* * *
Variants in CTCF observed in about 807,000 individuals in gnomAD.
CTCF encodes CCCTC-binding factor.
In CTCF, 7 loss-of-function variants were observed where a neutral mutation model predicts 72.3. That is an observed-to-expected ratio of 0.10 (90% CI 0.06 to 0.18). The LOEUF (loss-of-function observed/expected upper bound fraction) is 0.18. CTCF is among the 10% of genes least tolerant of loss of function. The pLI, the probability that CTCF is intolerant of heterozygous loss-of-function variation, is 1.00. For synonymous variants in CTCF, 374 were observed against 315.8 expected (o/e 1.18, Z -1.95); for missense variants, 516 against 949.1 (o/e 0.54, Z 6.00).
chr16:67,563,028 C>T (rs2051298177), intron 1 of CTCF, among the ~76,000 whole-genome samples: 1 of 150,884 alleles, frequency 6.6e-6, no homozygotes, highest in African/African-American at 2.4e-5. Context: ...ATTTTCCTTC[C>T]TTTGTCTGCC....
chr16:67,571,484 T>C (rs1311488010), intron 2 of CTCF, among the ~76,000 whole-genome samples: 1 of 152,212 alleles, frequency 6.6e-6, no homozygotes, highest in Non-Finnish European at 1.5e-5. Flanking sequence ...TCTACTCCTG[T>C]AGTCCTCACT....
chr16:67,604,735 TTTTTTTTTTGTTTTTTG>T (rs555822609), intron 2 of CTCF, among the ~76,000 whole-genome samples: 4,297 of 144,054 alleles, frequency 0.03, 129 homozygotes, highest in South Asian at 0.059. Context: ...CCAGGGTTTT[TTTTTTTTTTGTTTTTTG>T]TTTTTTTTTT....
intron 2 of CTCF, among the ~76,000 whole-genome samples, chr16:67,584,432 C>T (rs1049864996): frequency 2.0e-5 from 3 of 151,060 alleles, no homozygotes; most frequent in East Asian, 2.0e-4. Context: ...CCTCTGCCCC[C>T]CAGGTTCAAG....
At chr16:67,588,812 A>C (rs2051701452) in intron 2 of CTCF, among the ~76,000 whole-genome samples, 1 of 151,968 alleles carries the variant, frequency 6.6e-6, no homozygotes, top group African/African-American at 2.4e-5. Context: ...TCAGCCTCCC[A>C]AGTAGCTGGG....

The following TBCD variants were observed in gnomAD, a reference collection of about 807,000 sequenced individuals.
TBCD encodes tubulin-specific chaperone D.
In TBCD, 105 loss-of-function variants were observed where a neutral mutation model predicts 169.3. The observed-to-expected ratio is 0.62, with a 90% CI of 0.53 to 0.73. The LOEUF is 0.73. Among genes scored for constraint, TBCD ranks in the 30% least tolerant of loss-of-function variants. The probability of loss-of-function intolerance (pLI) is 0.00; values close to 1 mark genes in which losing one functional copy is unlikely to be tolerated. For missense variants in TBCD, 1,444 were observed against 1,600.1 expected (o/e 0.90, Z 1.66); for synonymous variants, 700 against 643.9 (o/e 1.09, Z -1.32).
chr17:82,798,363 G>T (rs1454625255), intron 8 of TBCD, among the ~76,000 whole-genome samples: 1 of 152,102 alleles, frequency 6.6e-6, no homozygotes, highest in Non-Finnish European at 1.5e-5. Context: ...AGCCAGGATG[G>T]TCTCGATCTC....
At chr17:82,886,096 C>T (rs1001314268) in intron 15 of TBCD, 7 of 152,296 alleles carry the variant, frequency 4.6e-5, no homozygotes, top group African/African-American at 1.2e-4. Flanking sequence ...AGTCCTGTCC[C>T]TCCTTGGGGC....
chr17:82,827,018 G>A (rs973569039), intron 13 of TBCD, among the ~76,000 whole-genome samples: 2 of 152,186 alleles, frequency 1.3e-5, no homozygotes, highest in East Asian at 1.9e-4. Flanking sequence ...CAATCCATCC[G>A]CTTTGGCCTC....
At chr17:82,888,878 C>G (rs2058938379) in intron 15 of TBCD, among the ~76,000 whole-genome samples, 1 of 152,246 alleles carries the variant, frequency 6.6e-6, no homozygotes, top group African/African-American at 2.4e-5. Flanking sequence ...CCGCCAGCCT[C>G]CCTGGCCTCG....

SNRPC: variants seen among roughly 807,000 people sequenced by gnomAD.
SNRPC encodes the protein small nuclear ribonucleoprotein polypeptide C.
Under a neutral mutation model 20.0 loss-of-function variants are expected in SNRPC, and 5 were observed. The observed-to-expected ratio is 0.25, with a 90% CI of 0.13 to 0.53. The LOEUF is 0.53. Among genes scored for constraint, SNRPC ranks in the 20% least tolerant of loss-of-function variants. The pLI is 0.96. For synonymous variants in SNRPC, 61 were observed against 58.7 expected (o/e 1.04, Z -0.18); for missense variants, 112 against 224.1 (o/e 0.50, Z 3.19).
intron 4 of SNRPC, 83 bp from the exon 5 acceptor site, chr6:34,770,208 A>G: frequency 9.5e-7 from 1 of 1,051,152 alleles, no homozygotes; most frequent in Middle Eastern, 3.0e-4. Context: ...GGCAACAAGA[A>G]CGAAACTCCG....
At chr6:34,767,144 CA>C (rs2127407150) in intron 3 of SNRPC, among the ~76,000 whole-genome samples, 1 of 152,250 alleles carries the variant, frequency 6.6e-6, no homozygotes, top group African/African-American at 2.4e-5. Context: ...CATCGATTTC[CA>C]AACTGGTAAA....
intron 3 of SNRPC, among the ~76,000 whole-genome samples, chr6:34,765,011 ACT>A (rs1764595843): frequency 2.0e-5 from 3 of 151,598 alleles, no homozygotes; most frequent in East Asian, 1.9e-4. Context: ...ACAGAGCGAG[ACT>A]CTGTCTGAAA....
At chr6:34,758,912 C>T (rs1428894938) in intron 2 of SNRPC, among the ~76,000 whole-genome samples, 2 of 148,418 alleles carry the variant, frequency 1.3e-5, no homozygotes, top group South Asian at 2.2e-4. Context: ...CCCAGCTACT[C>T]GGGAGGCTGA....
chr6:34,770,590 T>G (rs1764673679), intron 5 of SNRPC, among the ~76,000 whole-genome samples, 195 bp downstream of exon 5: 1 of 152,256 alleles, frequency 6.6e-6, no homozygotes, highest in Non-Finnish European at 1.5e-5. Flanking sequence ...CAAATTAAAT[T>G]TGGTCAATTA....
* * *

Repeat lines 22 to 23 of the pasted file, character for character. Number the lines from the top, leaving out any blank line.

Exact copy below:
At chr6:34,758,912 C>T (rs1428894938) in intron 2 of SNRPC, among the ~76,000 whole-genome samples, 2 of 148,418 alleles carry the variant, frequency 1.3e-5, no homozygotes, top group South Asian at 2.2e-4. Context: ...CCCAGCTACT[C>T]GGGAGGCTGA....
chr6:34,770,590 T>G (rs1764673679), intron 5 of SNRPC, among the ~76,000 whole-genome samples, 195 bp downstream of exon 5: 1 of 152,256 alleles, frequency 6.6e-6, no homozygotes, highest in Non-Finnish European at 1.5e-5. Flanking sequence ...CAAATTAAAT[T>G]TGGTCAATTA....